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Notre-Dame de Paris, Pope Francis and Living Stones

Many of us, in various parts of the world, watched in horror and disbelief when Notre-Dame de Paris went up in flames. It was especially gut-wrenching to witness an infernal beast consume the roof and topple the steeple of one of the world’s great Christian cathedrals at the very beginning of Holy Week. Like other televised tragedies, such as the 9/11 terrorist attacks on the Twin Towers in New York, the horrific spectacle in Paris commanded global attention and received blanket coverage from both mainstream and social media. And as with other history-making events, some journalists and pundits saw this as an opportunity to offer grave and poetic commentary. There was a lot of deliberating and moralizing. What did this distressing scene say about the current state of the scandal-plagued and ideologically divided Catholic Church? What was its message for secularized France? What fierce warning did it hold for a Western civilization that has become unhinged from its Christian moorings? In the end, Notre-Dame was not destroyed. And not a single life was lost, thanks be to God.

But the fire of this magnificent cathedral was a truly shocking thing to watch as I spent several hours switching back and forth through some of the channels available on my satellite dish: Italian State TV (RAI), Sky Italia, France24, Fox News… At CNN there was Chris Cuomo speaking about the symbolic importance of Notre-Dame for Catholicism and even the Vatican, wondering if the pope would actually go to Paris for Easter. “Imagine the image of Pope Francis in front of Notre-Dame saying Mass on Sunday. You know, with smoke still rising up from it as an idea of rebirth and renewal. How powerful that would be.” After briefly conceding the “concept from Catholicism (that) the Church is the people, not the places… and the people matter most”, Cuomo continued speculating. “It will be so interesting to see what pope does with this Holy Week, given this loss. Is there a chance that you see the pope not in Rome celebrating Easter Sunday, but here? What an important image that would be.” CNN’s correspondent in Rome, Delia Gallagher, said she “wouldn’t rule it out” because, “of course, we know that he’s a pope of surprises”. Jim Bittermann, an old hand with CNN who has been in Paris, off and on, for many years, said “it would be quite a remarkable symbol if this pope decided to come visit for the Easter Mass”. But he then cautioned, “It’s hard to believe that that could be organized so quickly, especially with the church still burning at this hour.”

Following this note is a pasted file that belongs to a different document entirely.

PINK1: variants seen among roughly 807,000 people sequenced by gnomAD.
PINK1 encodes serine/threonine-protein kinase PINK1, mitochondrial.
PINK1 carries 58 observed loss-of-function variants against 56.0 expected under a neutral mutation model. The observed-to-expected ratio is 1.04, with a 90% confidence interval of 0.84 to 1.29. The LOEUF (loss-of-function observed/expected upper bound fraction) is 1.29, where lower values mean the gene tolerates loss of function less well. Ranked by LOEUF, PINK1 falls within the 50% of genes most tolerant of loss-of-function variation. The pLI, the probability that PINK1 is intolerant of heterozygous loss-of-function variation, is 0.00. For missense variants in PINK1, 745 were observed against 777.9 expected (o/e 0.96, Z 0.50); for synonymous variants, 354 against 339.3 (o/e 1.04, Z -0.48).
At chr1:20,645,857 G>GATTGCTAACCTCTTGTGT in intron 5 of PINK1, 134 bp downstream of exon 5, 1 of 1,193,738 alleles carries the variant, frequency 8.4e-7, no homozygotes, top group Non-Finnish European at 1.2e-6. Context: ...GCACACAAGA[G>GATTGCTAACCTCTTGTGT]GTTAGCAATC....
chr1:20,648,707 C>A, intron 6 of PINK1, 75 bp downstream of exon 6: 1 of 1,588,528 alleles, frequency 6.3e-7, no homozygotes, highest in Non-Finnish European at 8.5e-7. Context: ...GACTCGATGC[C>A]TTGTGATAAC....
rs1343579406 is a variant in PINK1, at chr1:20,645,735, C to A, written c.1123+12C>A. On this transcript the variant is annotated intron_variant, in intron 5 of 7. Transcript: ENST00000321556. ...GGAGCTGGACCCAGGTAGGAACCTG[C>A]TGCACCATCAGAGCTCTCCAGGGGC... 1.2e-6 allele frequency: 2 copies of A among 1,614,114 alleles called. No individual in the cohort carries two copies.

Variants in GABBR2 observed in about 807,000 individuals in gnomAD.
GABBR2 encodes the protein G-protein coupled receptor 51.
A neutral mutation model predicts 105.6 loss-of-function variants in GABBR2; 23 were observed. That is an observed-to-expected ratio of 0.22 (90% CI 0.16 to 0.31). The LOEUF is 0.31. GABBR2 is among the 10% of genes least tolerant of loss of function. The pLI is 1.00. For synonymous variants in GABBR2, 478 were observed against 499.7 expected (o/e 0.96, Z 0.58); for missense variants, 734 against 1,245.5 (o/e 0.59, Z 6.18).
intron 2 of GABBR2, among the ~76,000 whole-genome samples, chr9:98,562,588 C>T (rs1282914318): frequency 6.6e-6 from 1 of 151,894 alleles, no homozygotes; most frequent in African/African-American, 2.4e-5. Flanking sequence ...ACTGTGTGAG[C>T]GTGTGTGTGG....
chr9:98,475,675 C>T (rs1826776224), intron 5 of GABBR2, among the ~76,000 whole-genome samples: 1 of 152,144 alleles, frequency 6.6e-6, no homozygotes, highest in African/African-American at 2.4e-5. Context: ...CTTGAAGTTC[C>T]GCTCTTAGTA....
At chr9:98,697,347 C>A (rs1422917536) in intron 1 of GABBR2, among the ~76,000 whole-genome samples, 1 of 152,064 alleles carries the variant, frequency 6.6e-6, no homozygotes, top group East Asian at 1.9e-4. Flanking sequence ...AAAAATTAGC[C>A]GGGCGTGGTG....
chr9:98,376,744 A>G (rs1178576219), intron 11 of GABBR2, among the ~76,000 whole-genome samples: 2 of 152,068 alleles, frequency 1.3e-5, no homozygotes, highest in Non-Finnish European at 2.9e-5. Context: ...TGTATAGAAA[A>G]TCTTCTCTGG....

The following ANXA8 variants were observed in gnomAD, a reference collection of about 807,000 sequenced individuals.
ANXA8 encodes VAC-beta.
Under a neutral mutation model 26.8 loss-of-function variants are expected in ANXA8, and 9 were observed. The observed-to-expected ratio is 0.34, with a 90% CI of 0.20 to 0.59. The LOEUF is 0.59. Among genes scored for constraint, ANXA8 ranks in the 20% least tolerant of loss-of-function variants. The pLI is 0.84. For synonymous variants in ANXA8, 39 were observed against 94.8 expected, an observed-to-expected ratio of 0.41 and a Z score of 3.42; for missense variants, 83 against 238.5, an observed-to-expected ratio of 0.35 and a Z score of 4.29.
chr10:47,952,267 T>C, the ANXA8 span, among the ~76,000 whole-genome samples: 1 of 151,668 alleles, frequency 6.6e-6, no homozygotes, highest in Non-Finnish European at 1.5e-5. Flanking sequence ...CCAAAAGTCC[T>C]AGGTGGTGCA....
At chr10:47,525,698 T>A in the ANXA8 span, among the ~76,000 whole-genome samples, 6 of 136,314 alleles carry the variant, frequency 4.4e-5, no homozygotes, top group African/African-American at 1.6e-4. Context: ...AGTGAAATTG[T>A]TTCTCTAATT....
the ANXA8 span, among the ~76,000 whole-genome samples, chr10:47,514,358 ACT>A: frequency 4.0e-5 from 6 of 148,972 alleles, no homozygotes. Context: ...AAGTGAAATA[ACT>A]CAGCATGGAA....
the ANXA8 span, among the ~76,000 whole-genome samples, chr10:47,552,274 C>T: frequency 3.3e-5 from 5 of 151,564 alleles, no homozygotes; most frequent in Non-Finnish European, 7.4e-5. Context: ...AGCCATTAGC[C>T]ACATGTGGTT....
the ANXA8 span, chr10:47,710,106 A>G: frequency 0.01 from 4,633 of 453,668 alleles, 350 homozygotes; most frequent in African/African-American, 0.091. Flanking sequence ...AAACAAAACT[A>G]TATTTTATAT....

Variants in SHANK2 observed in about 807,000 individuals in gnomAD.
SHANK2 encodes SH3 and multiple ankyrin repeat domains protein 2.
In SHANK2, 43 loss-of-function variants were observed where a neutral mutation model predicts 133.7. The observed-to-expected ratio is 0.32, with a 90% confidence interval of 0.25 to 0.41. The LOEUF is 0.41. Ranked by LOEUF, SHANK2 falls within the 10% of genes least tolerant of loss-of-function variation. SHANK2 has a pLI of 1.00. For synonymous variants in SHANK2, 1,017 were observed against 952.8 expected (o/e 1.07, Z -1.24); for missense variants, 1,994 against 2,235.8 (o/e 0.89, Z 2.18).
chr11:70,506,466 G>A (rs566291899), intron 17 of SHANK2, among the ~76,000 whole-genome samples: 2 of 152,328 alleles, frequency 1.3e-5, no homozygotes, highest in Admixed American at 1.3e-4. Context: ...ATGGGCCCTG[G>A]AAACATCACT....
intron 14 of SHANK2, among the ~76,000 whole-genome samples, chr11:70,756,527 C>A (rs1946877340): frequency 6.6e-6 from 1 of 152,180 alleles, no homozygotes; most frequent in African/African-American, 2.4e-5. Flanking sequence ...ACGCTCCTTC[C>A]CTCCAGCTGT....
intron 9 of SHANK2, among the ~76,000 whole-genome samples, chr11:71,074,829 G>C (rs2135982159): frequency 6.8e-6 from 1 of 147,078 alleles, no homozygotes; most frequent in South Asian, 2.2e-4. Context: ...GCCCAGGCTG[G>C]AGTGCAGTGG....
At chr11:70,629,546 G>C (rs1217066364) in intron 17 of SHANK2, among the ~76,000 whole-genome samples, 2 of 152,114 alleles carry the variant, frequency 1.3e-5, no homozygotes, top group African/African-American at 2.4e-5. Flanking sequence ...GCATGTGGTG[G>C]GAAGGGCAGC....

Oh my, I thought. What to make of this sort of suggestive speculation? These are all top-notch reporters and news analysts. Is it possible that they have not really understood Pope Francis’s priorities or the change of mentality he’s tried to bring about these past six years? The 82-year-old Jesuit pope is, by no means, anti-cultural. He is not anti-European. But, at the same time, and despite the affection he would win back from the people of France, it would be out of character for him to drop everything and rush to Paris because a cathedral has been badly damaged by fire – even considering the artistic masterpiece and historically important religious symbol that it is. The pope of Laudato Si’ is more concerned about our own human destruction of God’s masterpiece – the created universe and the human person. Francis is more alarmed that we are killing ourselves from the earliest stages of life in the womb up to natural death; through wars, torture and human trafficking. He’s disquieted by our careless destruction of our “common home," through the pollution of the air we breathe and the water we drink; through the wars we wage and the greed that consumes us to the detriment of the poor, the week, the immigrant and refugee and all other outcasts of society.

Pope Francis has not focused his worldwide ministry on preserving the cultural and artistic heritage of Christianity, at least not the way that has been manifested over the centuries through structures built of precious stones. Instead, he tried to show us how to take care of so many “living stones” that we have long ignored or scorned. He has gone to places like Lampedusa and Lesbos to comfort refugees; he has spent every Holy Thursday in prisons, washing the feet of criminals, some who are not even Christians. Like his patron, St. Francis of Assisi, the pope has seen the call to rebuild the Lord’s house as a summons to repair God’s crumbling household – all of humanity made in God’s image and likeness– rather than a building made of wood and stone.  As Richard Rohr has said, “Creation itself – not ritual or spaces constructed by human hands – was St. Francis’ primary cathedral.” And so it is for Pope Francis.


Robert Mickens is the English editor for La Croix International website.

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